Ex-detainees have no legal claim
In a decision that affects the global legal status of more than 100 former detainees at Guantanamo Bay, Cuba, the D.C. Circuit Court ruled on Friday that they have no legal claim they can continue to pursue in U.S. courts to challenge the military’s designation of them as enemies of the U.S. — a label that may amount to identifying each of them as a terrorist. The three-judge panel rejected the ex-detainees’ argument that the finding that they are an “enemy combatant” limits their freedom to pursue their lives in foreign lands or in the world community. The injuries they claim, the court concluded, either cannot be remedied by a U.S. court, or are based too much on speculation.
The ruling was a narrow one: the Circuit Court did not rule on the Obama Administration’s more sweeping claim that the right to challenge the consequences that follow from a government’s former action toward an individual does not apply at all to those who are no longer in custody at Guantanamo — the military’s most visible site for holding individuals suspected of links to terrorism. Even assuming that the so-called “collateral consequences doctrine” applies to those who once were detainees, the panel found, the challengers before the court could not prove that they would suffer such consequences or, if they might, that a U.S. habeas court could provide a remedy.
Friday’s decision settled, at least if it is not overturned by the Supreme Court, a question that has hung over U.S. detention policy since the Bush Administration began releasing some of the more than 700 non-citizens who have been held at one time or another at Guantanamo Bay. In more than 100 cases where releases were granted, either by the Bush Administration or the Obama Administration, the ex-detainees sought the right in federal habeas cases to try to get the “enemy combatant” designation removed from their records and their names. Two federal District Court judges had turned aside the pleas, and 15 of the individuals then appealed to the Circuit Court. The ruling Friday came in specific appeals by two individuals, but presumably will apply in all such cases.
Under normal criminal law procedures, an individual who had previously been convicted of a crime and then is released after serving a sentence can sometimes pursue a new challenge to conviction on the theory that the guilty verdict results in adverse consequences, such as the inability to get a job or to enjoy civic rights such as voting. The former Guantanamo detainees sought to apply that doctrine to the continuing effects they claimed from being found to be “enemy combatants” — the legal basis that the government formerly relied upon to justify detention at the military prison in Cuba. (The government stopped using the label two years ago.)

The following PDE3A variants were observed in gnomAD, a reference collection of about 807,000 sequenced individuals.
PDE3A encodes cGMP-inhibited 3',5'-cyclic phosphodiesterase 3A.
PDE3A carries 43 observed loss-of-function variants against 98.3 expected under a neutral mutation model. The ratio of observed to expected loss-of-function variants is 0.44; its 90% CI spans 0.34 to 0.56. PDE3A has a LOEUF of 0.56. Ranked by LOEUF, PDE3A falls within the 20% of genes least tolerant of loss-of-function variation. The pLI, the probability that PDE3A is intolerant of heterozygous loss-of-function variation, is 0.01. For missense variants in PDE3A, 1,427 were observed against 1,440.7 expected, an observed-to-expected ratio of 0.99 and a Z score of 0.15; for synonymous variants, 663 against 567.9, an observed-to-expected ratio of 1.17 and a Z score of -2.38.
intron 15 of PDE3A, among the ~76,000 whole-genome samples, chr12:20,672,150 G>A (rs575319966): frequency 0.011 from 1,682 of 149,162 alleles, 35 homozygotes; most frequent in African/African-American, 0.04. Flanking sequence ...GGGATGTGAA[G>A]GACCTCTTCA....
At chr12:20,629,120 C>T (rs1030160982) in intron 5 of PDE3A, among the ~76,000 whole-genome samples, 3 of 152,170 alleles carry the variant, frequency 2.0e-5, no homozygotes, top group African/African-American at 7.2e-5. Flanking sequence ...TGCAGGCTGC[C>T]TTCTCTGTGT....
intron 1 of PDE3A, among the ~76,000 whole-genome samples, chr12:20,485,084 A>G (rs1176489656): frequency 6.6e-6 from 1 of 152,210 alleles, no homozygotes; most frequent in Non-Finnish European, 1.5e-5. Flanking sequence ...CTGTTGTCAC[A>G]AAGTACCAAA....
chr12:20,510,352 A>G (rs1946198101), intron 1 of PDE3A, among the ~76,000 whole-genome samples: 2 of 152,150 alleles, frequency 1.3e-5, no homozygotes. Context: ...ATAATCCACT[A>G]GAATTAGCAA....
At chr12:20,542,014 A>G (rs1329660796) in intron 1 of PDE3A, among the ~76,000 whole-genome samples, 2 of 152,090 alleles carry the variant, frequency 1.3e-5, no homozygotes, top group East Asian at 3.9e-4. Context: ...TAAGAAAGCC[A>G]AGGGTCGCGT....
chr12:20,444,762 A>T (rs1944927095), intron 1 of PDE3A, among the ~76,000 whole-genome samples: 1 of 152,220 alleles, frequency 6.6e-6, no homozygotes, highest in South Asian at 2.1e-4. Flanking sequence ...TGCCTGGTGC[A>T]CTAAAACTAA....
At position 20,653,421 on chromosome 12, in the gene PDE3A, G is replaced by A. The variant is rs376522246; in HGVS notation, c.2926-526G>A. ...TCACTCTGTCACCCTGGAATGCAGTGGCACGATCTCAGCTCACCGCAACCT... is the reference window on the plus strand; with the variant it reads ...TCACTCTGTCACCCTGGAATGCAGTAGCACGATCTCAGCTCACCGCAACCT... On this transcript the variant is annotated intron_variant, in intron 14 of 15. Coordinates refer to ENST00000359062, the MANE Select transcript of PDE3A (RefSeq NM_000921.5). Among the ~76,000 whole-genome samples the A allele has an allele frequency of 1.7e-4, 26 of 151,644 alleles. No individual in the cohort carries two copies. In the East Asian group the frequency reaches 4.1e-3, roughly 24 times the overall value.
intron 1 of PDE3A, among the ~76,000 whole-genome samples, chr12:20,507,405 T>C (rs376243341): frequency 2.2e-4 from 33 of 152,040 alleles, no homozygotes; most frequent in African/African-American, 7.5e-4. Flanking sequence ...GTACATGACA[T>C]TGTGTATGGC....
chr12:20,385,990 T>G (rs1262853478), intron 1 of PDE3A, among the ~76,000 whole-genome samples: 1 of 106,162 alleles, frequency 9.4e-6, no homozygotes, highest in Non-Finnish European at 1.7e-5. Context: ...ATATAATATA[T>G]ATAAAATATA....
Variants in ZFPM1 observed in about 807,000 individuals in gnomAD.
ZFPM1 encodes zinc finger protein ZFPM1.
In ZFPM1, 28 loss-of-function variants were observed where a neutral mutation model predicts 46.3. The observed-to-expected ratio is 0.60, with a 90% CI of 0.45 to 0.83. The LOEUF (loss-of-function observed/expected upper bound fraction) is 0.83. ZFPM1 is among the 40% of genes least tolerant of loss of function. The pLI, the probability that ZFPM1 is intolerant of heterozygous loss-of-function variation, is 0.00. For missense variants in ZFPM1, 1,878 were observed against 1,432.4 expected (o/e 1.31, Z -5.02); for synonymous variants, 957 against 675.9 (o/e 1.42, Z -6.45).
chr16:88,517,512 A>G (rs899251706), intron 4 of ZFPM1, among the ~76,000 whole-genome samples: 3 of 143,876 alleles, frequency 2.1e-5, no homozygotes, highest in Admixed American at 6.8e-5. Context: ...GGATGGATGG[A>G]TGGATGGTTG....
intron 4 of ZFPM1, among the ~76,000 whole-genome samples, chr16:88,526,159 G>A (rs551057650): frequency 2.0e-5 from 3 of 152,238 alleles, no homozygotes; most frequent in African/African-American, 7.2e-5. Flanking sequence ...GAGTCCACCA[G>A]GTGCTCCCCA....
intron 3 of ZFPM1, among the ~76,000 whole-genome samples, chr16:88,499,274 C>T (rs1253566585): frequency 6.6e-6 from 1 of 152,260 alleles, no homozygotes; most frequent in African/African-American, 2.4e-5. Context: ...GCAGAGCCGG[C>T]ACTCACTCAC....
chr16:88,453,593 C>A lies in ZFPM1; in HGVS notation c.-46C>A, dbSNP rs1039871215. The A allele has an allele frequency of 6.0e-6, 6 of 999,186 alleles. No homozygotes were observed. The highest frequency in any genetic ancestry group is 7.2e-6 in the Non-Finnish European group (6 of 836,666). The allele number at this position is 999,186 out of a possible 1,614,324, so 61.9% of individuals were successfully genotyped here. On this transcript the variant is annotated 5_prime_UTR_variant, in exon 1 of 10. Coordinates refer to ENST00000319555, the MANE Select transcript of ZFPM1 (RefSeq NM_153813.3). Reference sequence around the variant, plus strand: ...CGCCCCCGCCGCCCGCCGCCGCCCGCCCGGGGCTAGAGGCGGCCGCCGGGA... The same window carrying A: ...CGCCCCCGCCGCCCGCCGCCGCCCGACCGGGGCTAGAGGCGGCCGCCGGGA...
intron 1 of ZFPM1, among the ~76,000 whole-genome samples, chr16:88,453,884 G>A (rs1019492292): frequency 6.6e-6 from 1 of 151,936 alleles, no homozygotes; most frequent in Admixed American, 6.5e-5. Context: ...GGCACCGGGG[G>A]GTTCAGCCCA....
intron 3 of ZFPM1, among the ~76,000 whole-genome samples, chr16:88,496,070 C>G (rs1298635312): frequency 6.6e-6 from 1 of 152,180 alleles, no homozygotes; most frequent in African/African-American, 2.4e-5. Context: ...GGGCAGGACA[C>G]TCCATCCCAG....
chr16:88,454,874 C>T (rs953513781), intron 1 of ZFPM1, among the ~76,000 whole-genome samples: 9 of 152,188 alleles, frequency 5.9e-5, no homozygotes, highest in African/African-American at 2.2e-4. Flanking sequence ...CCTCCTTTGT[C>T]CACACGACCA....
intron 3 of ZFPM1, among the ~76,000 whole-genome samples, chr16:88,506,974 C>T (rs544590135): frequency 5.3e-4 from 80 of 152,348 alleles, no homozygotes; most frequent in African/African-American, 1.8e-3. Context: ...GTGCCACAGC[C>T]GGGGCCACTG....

The Circuit Court ruled in the specific cases of Nazul Gul, who spent more than four years at Guantanamo before being released and sent to Afghanistan in 2007, and Adel Hamad, at Guantanamo almost five years before being released and sent to Sudan in 2007.
Under U.S. law, any individual who has ever been held at Guantanamo has his name put on the government’s “No Fly List,” and thus cannot take a plane flight into the U.S. at any time. In addition, when the U.S. sends a detainee to another country, it usually requires the other country to continue to monitor the individual’s activity. Gul and Hamad argued that, as part of this kind of restriction, their travel has been restricted by the foreign nations to which they were sent. They also argued that their enemy designation may prevent them from seeking asylum in countries with similar entry barriers for those formerly held as suspected terrorists.
Gul and Hamad also contended that, as a result of their designation, they are subject under the laws of war to being arrested and detained again, and maybe even subject to being killed by the U.S. government. Finally, they asserted that their reputations have been harmed.
On the travel restrictions claims, the Circuit Court either concluded that a federal habeas court could not remedy the claimed difficulty, or that the ex-detainees had not supplied sufficient proof that they would suffer such consequences. It ruled that, in general, when a detainee is sent out of Guantanamo, the individual no longer remains in U.S. custody, and such custody is the usual basis for a federal habeas court to have jurisdiction to hear a challenge.
And, the panel added, even if a federal court had the authority to lift the label from an ex-detainee, that would not mean that the individual had actually been exonerated of possible terrorism charges, but only that links to terrorism had not been proven.
On the claim that the designation may lead to a future arrest, detention or targeted killing by the U.S., the Circuit Court found that claim to be “the most speculative of all.” Moreover, the panel cited a government policy change in March 2009, saying that the government would no longer base its detention policy upon the designation of “enemy combatant,” so that label has lost legal significance.
Finally, the panel rejected the claim of a stigma, harmful to reputation, by concluding that “the label ‘enemy combatant’ brings with it neither a ‘concrete effect’ nor a ‘civil disability’ susceptible to judicial correction.”
In a second ruling on Friday, in another Guantanamo case, the Circuit Court continued its uninterrupted pattern of rejecting challenges to detention by individuals still being held as detainees. That new ruling came in the case of a Yemeni national, Moath Hamza Ahmed al Alwi. The decision can be found here.
Recommended Citation: Lyle Denniston, Ex-detainees have no legal claim, SCOTUSblog (Jul. 22, 2011, 11:03 AM), http://www.scotusblog.com/2011/07/ex-detainees-have-no-legal-claim/